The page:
Part Two: The Bureaucats. Bullying is the Name of the Game

The public is unaware of the lethal and brutal war zone faced by faculty and academic departments or programs.

 

Cutting Programs at Universities

Cutting Programs at Universities

Bureaucats pit department against department in a conflict and race for funds or support. Fearing the sidelining or elimination of a major or program, faculty ferociously protect their turf. To lose a tenure-track position is viewed as a mortal wound and the beginning of the end. In the quest to maintain or improve the status quo, they take a destructive aim at any program that might harm their existing major.

Their tactics include stonewalling in committees that approve new programs; lies about professors proposing the programs; and the creation of artificial standards of excellence that only the politically knowledgeable can reach. (I will discuss the politicizing of General Education classes later.) During my tenure at a recent university General Education was placed on the cutting block twice. During my first attempt to garner a General Education class for Religious Studies, the committee would not even allow me to talk with them. I submitted several classes and they told me, “You are only going to get one.”

General Education classes are the bread and butter of many departments because they are required courses for all students. In the second round of developing a new list of General Education classes twenty years later, the committee sent back my proposal three times. One altruistic person on the committee came to me and said,” Let me edit your proposal and include the words they are looking for.” This committee reluctantly added a Religious Studies class to the line-up.

There is no real interest in excellence on these campuses. There is a pretend politic of “excellence” that has nothing to do with the content of the classes themselves. There is only the game of survival where you knock down your opponents so they can’t get up, so they won’t come back to the table. I have seen this happen over and over again where professors lose hope and just give up because they are not politically knowledgeable or strong.

Politically strong or the politically aligned departments who “woo” the bureaucats end up with most of the resources on campus for salaries, equipment, classrooms, support to travel, support for research, and resources.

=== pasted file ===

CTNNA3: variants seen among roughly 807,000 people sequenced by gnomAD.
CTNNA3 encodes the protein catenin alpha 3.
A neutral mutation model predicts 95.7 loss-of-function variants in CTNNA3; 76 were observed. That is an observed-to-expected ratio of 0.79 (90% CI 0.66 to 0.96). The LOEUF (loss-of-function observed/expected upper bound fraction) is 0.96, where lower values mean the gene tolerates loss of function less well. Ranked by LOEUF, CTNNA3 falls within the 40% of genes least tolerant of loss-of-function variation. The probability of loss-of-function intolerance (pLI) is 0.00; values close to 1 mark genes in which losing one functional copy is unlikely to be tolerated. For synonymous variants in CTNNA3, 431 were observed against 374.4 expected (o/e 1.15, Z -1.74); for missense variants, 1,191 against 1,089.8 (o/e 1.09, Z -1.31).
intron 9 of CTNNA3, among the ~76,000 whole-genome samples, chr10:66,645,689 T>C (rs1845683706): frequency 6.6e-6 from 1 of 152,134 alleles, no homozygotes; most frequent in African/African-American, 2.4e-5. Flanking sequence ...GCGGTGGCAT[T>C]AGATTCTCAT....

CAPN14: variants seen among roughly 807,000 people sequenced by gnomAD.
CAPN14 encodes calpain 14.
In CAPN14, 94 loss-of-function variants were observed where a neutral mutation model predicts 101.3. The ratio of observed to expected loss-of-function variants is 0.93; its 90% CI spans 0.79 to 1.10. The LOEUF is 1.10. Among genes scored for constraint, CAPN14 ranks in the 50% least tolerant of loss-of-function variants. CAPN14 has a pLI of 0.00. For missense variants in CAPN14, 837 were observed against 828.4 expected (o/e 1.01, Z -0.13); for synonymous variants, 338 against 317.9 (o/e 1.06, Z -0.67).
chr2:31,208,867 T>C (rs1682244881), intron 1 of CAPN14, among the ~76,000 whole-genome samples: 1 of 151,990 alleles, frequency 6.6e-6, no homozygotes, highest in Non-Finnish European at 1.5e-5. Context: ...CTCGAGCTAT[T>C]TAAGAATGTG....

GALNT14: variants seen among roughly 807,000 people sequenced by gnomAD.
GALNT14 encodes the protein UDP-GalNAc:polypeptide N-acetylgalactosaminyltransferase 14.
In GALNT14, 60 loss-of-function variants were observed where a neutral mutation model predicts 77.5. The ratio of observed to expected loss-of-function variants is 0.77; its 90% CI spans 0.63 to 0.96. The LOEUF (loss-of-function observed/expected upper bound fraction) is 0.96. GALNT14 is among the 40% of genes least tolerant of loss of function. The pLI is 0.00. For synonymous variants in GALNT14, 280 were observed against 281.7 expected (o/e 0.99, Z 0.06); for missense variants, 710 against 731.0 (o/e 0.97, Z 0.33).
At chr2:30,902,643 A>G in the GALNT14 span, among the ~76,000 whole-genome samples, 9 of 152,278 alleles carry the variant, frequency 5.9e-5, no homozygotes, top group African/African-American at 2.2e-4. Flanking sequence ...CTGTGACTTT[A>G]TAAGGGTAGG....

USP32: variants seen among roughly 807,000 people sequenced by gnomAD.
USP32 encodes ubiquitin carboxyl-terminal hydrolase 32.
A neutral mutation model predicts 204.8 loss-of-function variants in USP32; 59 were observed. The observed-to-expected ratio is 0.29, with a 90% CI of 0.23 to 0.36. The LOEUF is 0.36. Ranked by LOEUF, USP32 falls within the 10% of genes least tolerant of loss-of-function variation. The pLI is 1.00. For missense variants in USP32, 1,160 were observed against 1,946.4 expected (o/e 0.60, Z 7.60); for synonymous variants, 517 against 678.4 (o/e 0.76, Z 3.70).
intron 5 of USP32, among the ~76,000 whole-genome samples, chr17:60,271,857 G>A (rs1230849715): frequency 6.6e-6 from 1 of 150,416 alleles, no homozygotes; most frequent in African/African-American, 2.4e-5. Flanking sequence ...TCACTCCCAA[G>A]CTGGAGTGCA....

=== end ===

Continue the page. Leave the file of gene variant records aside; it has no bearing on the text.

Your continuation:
For years at my previous university only one college had access to the use of digital projectors and computers in the classroom. This college was using classrooms in the building of our college. When their new enhanced offices and classrooms were completed, they left the technology behind. And what do you know; some of our classrooms had projectors now! When money for technology finally became available, not all departments were informed. Religious Studies was always left out of announcements about any type of funding, whether for office furniture, software, or technology. Even if we finally heard of the offers, the guidelines were written so specifically that only certain programs or departments were eligible.

 This type of competitive lethal environment destroys collegiality and harms excellence in the classroom. Uninformed committees limit choices for courses. Newly minted classrooms and facilities attract students to the powerful programs and away from smaller programs. Faculty in departments with little power end up personally purchasing software, videos, and other classroom materials that other departments receive for free. Larger politically strong departments place so much pressure on small programs and departments that faculty just give up. This is a way of indirectly destroying an academic area. One provost was discussing the History Department with me. History produces enormous student credit hours for the university. He said, “They are a cash cow!” How crude! That one phrase betrayed his bias toward the department. History taught more students than his entire college. But he had the power to limit the resources to this department … and so he did with a smile on his face!

For fear of escalating this blog, I would connect some of the violence against professors and students,  and faculty who harm each other,  to the culture of bullying that is infused into the hostile and competitive culture on campus.

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